Just Settle Down Over Silicon Valley Bank

Yes, there was an important bank in the area that collapsed. If you’re an investor, you’re probably out a lot if not all of the money you invested, it’s true. However, if you were a depositor, you just need to take a deep breath and step back for a minute.

Although it has been 2 years since any bank failed, and much longer since any bank this size failed, the failure of a single bank isn’t going to disrupt the economy. From the outside it doesn’t even seem likely to significantly disrupt the disruptor economy. Yes, it is certainly being felt by every Etsy seller who can’t get paid or by Roku with their $487M cash on deposit. But everything could be resolved as early as Monday afternoon.

As advanced as Silicon Valley Bank seemed it was a surprisingly classic failure: a garden variety run on the bank. Banks don’t just sit on their deposits, but rather put those deposits to work funding mortgages or startups, or whatever they’re going to fund. SVB wasn’t doing well because their stock wasn’t competitive with the recent interest rate hikes, so they were contemplating issuing more. This sparked a VC to panic and tell all their startups to pull all their money. This was largely do to the problem that all those startups had a lot of the money that was invested actually in the bank and those deposits were well above the maximum that was insured if the bank’s assets didn’t cover the deposits.

Those startup founders withdrew all they could then told other founders, which in the end resulted in a classic run on the bank – only faster than any fleet of tellers could manage because it was all done electronically. So the state had no choice but to shut it down and hand it over to the federal insurers because it had escalated out of control.

FDIC Insurance

Each deposit account is insured up to $250K. If you run a meaningful business, you recognize that isn’t a lot of money. However, that is the amount that the FDIC would give you, per insured account, guaranteed so you can take care of your immediate needs: make payroll, pay suppliers, or whatever cannot be put off. The FDIC’s Insurance Estimator can tell you about your situation if you have deposits there.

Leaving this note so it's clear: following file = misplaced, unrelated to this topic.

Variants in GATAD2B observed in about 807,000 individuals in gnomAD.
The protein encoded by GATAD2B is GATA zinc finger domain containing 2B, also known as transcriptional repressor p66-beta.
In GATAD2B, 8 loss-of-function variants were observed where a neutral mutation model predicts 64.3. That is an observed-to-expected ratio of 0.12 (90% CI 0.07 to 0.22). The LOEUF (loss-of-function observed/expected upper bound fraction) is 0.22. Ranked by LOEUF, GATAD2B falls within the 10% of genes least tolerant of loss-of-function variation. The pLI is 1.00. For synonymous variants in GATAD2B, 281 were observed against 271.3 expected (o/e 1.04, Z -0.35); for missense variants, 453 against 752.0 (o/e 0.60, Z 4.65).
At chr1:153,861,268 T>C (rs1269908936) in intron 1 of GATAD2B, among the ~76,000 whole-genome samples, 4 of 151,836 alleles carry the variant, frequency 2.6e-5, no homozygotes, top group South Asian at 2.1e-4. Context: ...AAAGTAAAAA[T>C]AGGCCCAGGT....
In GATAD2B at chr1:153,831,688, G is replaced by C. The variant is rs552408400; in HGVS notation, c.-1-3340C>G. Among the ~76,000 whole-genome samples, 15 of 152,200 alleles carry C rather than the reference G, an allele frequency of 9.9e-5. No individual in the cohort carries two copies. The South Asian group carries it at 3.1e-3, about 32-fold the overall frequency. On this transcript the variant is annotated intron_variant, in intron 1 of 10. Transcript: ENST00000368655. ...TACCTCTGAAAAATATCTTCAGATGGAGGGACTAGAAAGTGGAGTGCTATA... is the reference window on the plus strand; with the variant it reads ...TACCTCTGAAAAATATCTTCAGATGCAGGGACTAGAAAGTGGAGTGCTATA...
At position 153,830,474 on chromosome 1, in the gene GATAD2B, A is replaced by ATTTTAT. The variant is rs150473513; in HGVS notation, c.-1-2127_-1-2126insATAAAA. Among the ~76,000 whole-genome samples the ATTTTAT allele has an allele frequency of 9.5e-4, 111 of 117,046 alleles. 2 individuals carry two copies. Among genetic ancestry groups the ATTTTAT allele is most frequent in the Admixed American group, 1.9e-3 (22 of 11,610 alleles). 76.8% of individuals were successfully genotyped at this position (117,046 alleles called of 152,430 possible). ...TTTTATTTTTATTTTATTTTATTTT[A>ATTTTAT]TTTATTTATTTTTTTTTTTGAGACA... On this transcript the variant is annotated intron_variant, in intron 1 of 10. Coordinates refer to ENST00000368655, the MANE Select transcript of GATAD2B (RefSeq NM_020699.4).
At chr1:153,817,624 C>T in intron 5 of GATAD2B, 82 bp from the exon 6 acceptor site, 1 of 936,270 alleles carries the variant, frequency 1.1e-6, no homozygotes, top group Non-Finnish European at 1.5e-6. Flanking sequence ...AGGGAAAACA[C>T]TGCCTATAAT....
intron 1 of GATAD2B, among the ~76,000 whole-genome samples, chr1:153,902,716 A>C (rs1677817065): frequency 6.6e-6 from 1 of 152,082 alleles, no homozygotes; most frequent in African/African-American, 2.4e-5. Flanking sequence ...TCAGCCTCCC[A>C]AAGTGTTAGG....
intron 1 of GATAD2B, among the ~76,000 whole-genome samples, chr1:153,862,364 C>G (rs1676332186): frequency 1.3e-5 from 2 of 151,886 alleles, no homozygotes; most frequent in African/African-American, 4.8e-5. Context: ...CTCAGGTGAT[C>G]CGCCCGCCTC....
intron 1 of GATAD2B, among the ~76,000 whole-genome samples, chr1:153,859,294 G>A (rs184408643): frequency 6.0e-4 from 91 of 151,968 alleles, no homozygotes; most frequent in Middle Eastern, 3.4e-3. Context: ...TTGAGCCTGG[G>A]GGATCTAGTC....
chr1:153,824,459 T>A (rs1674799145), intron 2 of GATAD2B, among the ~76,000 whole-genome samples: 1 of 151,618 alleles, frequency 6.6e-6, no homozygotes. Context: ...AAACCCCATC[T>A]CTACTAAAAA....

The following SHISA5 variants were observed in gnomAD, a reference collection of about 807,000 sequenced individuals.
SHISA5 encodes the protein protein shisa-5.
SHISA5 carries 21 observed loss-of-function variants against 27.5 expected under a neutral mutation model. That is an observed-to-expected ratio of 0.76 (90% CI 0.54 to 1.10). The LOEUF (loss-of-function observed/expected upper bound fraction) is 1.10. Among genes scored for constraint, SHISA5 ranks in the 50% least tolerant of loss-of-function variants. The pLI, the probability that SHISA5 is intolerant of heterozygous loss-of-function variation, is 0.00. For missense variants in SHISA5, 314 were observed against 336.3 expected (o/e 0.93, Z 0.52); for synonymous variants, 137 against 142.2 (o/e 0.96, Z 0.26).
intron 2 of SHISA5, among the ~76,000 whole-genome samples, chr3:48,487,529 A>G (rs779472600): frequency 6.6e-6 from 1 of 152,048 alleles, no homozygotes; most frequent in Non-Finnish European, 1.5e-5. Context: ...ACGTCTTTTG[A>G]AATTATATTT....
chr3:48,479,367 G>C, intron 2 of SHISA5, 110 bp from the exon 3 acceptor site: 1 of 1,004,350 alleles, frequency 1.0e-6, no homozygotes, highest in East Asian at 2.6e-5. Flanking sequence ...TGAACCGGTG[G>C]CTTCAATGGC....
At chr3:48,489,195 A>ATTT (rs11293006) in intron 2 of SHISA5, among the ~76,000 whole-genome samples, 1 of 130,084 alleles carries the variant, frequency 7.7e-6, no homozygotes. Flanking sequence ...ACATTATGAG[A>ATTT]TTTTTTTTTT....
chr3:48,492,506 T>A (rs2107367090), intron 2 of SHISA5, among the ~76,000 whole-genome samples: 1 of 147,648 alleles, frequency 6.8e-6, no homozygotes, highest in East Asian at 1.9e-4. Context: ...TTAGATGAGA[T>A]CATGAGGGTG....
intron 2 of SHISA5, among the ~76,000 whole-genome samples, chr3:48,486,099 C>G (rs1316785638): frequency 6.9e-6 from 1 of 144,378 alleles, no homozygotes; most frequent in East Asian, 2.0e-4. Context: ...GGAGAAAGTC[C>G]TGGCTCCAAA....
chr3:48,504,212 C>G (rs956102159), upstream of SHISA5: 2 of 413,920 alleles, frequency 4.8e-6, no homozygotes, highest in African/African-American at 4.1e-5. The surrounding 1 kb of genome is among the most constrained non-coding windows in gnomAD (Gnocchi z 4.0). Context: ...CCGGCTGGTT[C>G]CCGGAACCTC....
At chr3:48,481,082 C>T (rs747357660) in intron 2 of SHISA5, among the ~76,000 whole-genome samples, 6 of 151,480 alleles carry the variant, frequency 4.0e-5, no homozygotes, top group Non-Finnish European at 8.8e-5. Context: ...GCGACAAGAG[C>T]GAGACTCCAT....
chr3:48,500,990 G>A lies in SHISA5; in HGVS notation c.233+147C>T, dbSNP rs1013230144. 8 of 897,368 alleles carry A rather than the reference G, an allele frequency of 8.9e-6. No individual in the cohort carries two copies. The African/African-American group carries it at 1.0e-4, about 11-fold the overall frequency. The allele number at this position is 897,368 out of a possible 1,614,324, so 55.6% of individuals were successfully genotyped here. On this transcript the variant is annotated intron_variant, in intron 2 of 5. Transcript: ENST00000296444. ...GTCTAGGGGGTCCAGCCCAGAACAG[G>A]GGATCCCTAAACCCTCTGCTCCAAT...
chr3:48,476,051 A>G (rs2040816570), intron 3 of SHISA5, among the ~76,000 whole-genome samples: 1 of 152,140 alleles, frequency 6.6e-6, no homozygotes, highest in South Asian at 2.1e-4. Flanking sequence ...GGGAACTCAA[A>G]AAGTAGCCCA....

For deposits beyond the insured amount, initial estimate were that money should come in more slowly as the loans are sold off. As it turns out, the FDIC was able to do a meaningful assessment and every single deposit was covered. There were questions of whether companies would be able to make payroll in the next week or so, but as it turned out, because the bank was certain the deposits would be well-covered.

Silicon Valley Bank was unique in that it would make loans that were a bit more risky to tech startups. Some argue that they were too careless with the valuation based on default rates for those loans, but because there were actual investments in the bank, the depositors did not lose anything as a result of any bad decision made by the bank.

Second Largest Failure

Reports are in that Silicon Valley Bank is the second largest failure in US banking history. Significant parallels may be drawn between SVB and the first largest, Washington Mutual. Both instances were exceptional in that regulators did not not wait until close of business on Friday to shutter the banks because of big runs leading up to the failures. However, WaMu’s story took place on the backdrop of the much more complicated global financial system failure that included not only insured banks but uninsured brokerage firms. This was different from SVB which only saw the company of some small, specialized cryptocurrency firms.

Much like WaMu, SVB’s assets were sold off to another bank and no FDIC funds were required to make depositors whole. The investors in SVB were not so lucky and it will be some time before they see anything back from the failure, if they get anything at all. It was more or less a fire sale. There is a lot of criticism about this floating around relating to the failure, but the fact is that it was just the investors who came up short.

Neither the government nor the FDIC used taxpayer money to “bail out” the depositors… they used the shareholders’ money. The wisdom of many of the loans the bank made may be called into question, as the value the FDIC was able to sell them off was about 60 cents on the dollar, and the FDIC had to further back them by offering to cover half the value of all loans that default. This means that the shareholder investment will likely be completely locked up until all of the outstanding guaranteed loans have either matured or defaulted.